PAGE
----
Depreciation is a gradual change in the cost of an asset into revenue expense to be accounted for in the accounts of a particular accounting period. Accounting Standard– 6 has made it mandatory for all commercial organizations. Depreciation should be taken into account in order to ascertain the correct picture of profit or loss. It has to be calculated from the date the asset comes into use. When assets are disposed of or destructed, the net surplus or deficit is disclosed separately.
Depreciation is based on the following three factors:
- Historical cost
- Expected useful life
- Estimated salvage/residual value
Accounting treatment of depreciation is done either by charging directly to Asset Account or by creating provision for depreciation
- Straight Line Method: According to this method annual depreciation is calculated on the historical cost of the asset and hence remains uniform. This method is suitable for asset depreciate for lapse of time, such as patents.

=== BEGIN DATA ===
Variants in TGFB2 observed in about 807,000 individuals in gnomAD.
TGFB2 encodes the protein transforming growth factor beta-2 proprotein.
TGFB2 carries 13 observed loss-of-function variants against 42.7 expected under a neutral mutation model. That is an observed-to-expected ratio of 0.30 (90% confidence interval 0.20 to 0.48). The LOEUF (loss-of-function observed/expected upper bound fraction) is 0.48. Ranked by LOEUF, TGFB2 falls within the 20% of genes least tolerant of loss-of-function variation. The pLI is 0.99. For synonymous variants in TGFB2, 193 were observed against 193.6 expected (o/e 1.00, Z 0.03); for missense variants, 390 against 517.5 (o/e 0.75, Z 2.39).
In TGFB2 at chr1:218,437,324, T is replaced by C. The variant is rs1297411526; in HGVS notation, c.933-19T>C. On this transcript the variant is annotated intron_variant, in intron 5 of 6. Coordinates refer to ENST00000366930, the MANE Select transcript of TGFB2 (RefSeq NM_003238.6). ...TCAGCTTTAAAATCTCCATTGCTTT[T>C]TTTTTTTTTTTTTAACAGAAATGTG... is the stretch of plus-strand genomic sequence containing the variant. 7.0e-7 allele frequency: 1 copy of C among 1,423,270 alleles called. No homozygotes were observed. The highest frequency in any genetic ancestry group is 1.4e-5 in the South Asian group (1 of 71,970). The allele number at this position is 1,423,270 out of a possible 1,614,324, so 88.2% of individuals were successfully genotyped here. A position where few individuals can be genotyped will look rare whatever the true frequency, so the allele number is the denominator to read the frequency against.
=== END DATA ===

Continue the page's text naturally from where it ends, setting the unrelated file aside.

- Diminishing Value Method: In this method annual depreciation is calculated on the opening balance of the Asset Account and it reduces year by year. This method is suitable for exhausting and costly assets like plant and machinery.
- Depletion Method: This method is applicable for assets of wasting nature and also for intangible assets such as mines, patents, copyrights etc.
- Revaluation Method: In this method depreciation is calculated as the difference between the revalued opening balance of assets account and closing balance of the asset account. It is suitable for assets such as packages, loose tools etc.
- Sinking Fund Method: According to this method the amount of depreciation is invested in interest earning securities.
- Insurance policy method: In this method annual depreciation amount is invested as the payment to an insurance policy as premium.
- Machine Hour Rate Method: This method is used for machines where productivity is relevant in their performance and in the case of machines with high cost.